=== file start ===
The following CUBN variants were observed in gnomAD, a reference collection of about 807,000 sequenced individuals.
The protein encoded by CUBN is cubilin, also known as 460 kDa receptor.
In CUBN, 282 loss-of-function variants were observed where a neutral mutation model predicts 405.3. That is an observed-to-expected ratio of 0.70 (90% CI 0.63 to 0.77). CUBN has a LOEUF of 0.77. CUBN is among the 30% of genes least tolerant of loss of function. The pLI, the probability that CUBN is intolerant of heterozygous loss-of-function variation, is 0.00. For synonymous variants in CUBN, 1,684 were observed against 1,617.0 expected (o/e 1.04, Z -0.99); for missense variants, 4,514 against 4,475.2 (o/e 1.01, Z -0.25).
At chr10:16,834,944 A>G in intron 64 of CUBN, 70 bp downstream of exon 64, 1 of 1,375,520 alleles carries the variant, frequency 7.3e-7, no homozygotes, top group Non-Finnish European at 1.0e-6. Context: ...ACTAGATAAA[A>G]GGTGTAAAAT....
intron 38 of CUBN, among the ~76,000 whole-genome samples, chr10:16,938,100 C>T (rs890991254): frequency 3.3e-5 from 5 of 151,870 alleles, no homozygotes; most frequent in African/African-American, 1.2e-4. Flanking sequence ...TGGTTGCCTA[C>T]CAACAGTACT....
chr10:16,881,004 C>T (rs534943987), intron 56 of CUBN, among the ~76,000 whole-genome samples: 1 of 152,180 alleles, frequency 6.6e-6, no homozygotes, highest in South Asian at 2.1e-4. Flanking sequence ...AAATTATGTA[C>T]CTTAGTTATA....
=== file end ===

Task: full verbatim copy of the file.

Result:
The following CUBN variants were observed in gnomAD, a reference collection of about 807,000 sequenced individuals.
The protein encoded by CUBN is cubilin, also known as 460 kDa receptor.
In CUBN, 282 loss-of-function variants were observed where a neutral mutation model predicts 405.3. That is an observed-to-expected ratio of 0.70 (90% CI 0.63 to 0.77). CUBN has a LOEUF of 0.77. CUBN is among the 30% of genes least tolerant of loss of function. The pLI, the probability that CUBN is intolerant of heterozygous loss-of-function variation, is 0.00. For synonymous variants in CUBN, 1,684 were observed against 1,617.0 expected (o/e 1.04, Z -0.99); for missense variants, 4,514 against 4,475.2 (o/e 1.01, Z -0.25).
At chr10:16,834,944 A>G in intron 64 of CUBN, 70 bp downstream of exon 64, 1 of 1,375,520 alleles carries the variant, frequency 7.3e-7, no homozygotes, top group Non-Finnish European at 1.0e-6. Context: ...ACTAGATAAA[A>G]GGTGTAAAAT....
intron 38 of CUBN, among the ~76,000 whole-genome samples, chr10:16,938,100 C>T (rs890991254): frequency 3.3e-5 from 5 of 151,870 alleles, no homozygotes; most frequent in African/African-American, 1.2e-4. Flanking sequence ...TGGTTGCCTA[C>T]CAACAGTACT....
chr10:16,881,004 C>T (rs534943987), intron 56 of CUBN, among the ~76,000 whole-genome samples: 1 of 152,180 alleles, frequency 6.6e-6, no homozygotes, highest in South Asian at 2.1e-4. Flanking sequence ...AAATTATGTA[C>T]CTTAGTTATA....